Emergency Flood Rehabilitation Project (Loan 1714-TAJ)
| country: Tajikistan
In disaster relief operations, urgency can be counterproductive with regard to the sustainability of facilities to be restored. In assessing the implementation time, identifying the potential for reducing response times may be more useful than basing implementation time on the completion target determined at appraisal.
Completion of the project’s infrastructure subprojects would have required more than the actual implementation time if design procedures and construction standards had been governed by sustainability considerations. Adequate arrangements should have been made for preparing construction designs.
The implementation time could have been shortened. In view of the recurrent nature of disasters in Tajikistan, a proactive approach can be adopted by training selected Department of Environment and Emergency Situations staff in areas that have caused delays, including procurement, financing, and accounting procedures. The issue was largely addressed by setting up a resident mission with delegated authorities.
Past maintenance, the state of disrepair of facilities, and vulnerability to disasters are interdependent. Disaster relief assistance cannot remedy a situation of deferred maintenance. Attempts by executing agencies to do exactly that and spread the emergency assistance funds to infrastructure not affected by the disaster should be mitigated by clearer eligibility criteria for subprojects.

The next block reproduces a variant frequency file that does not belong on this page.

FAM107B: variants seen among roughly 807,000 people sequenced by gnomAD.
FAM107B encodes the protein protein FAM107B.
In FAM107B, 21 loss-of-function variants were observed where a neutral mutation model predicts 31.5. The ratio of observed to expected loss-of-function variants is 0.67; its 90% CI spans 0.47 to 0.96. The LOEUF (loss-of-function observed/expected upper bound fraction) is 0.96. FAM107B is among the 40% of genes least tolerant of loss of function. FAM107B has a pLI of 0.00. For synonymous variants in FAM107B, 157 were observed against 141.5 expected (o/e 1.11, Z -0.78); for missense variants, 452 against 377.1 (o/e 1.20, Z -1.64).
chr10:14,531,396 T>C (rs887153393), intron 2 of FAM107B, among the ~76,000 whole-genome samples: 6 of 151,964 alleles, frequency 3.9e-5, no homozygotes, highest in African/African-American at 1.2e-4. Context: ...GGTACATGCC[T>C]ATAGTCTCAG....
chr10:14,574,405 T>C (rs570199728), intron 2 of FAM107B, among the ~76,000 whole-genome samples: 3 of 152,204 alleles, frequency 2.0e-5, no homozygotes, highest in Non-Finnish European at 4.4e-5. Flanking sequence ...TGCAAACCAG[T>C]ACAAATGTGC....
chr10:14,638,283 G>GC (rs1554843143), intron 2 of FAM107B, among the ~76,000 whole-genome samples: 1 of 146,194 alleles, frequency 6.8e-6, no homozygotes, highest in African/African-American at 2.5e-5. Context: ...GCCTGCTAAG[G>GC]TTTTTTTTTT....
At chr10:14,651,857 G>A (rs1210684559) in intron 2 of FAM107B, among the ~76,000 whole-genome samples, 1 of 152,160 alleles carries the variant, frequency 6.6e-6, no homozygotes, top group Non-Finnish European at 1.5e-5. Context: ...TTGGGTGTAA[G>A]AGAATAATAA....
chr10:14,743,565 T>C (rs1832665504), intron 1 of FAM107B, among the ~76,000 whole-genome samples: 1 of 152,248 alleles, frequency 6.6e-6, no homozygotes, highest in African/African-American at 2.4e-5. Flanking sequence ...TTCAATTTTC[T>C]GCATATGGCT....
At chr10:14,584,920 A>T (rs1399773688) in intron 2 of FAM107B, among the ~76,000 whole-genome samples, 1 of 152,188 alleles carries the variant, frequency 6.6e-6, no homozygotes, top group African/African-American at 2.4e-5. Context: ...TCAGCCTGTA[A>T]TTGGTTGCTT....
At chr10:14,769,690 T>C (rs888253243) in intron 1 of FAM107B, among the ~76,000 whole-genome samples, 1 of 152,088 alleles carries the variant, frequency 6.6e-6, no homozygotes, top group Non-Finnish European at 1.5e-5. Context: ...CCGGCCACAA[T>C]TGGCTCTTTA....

The immediate emergency intervention should focus on transitional emergency assistance addressing immediate needs of the population; while an accompanying project preparatory technical assistance should identify infrastructure facilities eligible for comprehensive reconstruction and prepare a loan project for implementation when the emergency situation has passed. Capacity building for maintenance management and financing should be pursued along with the proposed loan project.
Education is the key to disaster protection. Large numbers of lives have been saved by the power of knowledge. National school curriculum could be revisited to incorporate modules on disaster preparation. Disaster training sessions covering basic preparation measures, early warning signals, and emergency procedures should be offered to schools and communities. The Government must be prepared to provide additional resources to train teachers, and prepare training manuals and textbooks for disaster-prone areas, if not for the entire population.
ADB and the Government should encourage disaster preparation and preventive measures. More conscious effort should be put toward raising public awareness (through community, schoolchildren, media, and local authorities), putting in place sound environmental protection and better ecological management, and encouraging relocation rather than rehabilitation.
The Government should be encouraged to incorporate necessary repair and maintenance expenditures in its recurrent budget, and where appropriate mobilize local communities to maintain rehabilitated infrastructure.
For the country strategy and program, a special strategy and program should be considered to address recurrent natural disaster preparation and management in the country, and be delegated to the resident mission to implement as necessary.